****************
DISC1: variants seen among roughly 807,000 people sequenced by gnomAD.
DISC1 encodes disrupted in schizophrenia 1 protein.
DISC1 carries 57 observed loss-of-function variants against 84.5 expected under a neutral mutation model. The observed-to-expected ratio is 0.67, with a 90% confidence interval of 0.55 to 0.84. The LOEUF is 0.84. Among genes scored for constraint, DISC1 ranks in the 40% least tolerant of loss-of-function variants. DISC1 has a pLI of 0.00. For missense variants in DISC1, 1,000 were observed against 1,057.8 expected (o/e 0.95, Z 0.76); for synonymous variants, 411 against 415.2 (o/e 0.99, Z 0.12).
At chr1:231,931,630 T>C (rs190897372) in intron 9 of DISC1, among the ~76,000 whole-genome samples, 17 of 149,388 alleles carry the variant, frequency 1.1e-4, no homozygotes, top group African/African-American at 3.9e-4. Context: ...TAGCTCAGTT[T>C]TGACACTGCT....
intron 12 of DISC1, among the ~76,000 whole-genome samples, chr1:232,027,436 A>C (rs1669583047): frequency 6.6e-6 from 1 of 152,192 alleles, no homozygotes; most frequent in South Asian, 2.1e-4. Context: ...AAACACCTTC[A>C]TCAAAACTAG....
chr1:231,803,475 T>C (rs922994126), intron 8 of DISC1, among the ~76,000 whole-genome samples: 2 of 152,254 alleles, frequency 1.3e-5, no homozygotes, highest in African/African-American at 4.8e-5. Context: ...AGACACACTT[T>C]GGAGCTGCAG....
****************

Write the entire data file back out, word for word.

DISC1: variants seen among roughly 807,000 people sequenced by gnomAD.
DISC1 encodes disrupted in schizophrenia 1 protein.
DISC1 carries 57 observed loss-of-function variants against 84.5 expected under a neutral mutation model. The observed-to-expected ratio is 0.67, with a 90% confidence interval of 0.55 to 0.84. The LOEUF is 0.84. Among genes scored for constraint, DISC1 ranks in the 40% least tolerant of loss-of-function variants. DISC1 has a pLI of 0.00. For missense variants in DISC1, 1,000 were observed against 1,057.8 expected (o/e 0.95, Z 0.76); for synonymous variants, 411 against 415.2 (o/e 0.99, Z 0.12).
At chr1:231,931,630 T>C (rs190897372) in intron 9 of DISC1, among the ~76,000 whole-genome samples, 17 of 149,388 alleles carry the variant, frequency 1.1e-4, no homozygotes, top group African/African-American at 3.9e-4. Context: ...TAGCTCAGTT[T>C]TGACACTGCT....
intron 12 of DISC1, among the ~76,000 whole-genome samples, chr1:232,027,436 A>C (rs1669583047): frequency 6.6e-6 from 1 of 152,192 alleles, no homozygotes; most frequent in South Asian, 2.1e-4. Context: ...AAACACCTTC[A>C]TCAAAACTAG....
chr1:231,803,475 T>C (rs922994126), intron 8 of DISC1, among the ~76,000 whole-genome samples: 2 of 152,254 alleles, frequency 1.3e-5, no homozygotes, highest in African/African-American at 4.8e-5. Context: ...AGACACACTT[T>C]GGAGCTGCAG....